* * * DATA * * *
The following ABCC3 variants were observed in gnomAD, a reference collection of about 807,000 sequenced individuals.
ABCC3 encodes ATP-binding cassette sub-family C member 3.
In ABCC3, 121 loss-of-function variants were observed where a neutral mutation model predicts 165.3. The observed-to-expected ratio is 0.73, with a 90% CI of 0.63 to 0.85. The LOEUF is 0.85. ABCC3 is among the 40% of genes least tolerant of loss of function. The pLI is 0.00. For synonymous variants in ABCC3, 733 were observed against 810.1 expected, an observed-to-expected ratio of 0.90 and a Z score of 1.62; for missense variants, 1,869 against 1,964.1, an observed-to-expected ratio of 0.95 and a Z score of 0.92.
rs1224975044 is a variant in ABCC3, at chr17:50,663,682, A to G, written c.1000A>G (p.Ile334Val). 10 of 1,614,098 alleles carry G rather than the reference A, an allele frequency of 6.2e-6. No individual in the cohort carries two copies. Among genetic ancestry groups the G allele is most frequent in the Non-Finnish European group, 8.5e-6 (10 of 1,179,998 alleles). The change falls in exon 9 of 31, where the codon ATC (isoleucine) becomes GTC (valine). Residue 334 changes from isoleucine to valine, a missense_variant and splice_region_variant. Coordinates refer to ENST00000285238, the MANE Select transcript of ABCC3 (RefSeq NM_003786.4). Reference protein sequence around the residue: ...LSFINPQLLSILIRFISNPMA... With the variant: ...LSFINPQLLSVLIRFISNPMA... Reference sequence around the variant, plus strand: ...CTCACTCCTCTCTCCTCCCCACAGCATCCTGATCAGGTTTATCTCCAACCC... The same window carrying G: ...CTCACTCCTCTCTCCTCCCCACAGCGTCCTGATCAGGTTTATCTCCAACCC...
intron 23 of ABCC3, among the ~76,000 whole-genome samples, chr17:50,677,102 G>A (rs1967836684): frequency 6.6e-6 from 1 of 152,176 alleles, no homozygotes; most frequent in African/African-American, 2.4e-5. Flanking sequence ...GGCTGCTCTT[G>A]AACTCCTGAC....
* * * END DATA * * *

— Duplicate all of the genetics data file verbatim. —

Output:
The following ABCC3 variants were observed in gnomAD, a reference collection of about 807,000 sequenced individuals.
ABCC3 encodes ATP-binding cassette sub-family C member 3.
In ABCC3, 121 loss-of-function variants were observed where a neutral mutation model predicts 165.3. The observed-to-expected ratio is 0.73, with a 90% CI of 0.63 to 0.85. The LOEUF is 0.85. ABCC3 is among the 40% of genes least tolerant of loss of function. The pLI is 0.00. For synonymous variants in ABCC3, 733 were observed against 810.1 expected, an observed-to-expected ratio of 0.90 and a Z score of 1.62; for missense variants, 1,869 against 1,964.1, an observed-to-expected ratio of 0.95 and a Z score of 0.92.
rs1224975044 is a variant in ABCC3, at chr17:50,663,682, A to G, written c.1000A>G (p.Ile334Val). 10 of 1,614,098 alleles carry G rather than the reference A, an allele frequency of 6.2e-6. No individual in the cohort carries two copies. Among genetic ancestry groups the G allele is most frequent in the Non-Finnish European group, 8.5e-6 (10 of 1,179,998 alleles). The change falls in exon 9 of 31, where the codon ATC (isoleucine) becomes GTC (valine). Residue 334 changes from isoleucine to valine, a missense_variant and splice_region_variant. Coordinates refer to ENST00000285238, the MANE Select transcript of ABCC3 (RefSeq NM_003786.4). Reference protein sequence around the residue: ...LSFINPQLLSILIRFISNPMA... With the variant: ...LSFINPQLLSVLIRFISNPMA... Reference sequence around the variant, plus strand: ...CTCACTCCTCTCTCCTCCCCACAGCATCCTGATCAGGTTTATCTCCAACCC... The same window carrying G: ...CTCACTCCTCTCTCCTCCCCACAGCGTCCTGATCAGGTTTATCTCCAACCC...
intron 23 of ABCC3, among the ~76,000 whole-genome samples, chr17:50,677,102 G>A (rs1967836684): frequency 6.6e-6 from 1 of 152,176 alleles, no homozygotes; most frequent in African/African-American, 2.4e-5. Flanking sequence ...GGCTGCTCTT[G>A]AACTCCTGAC....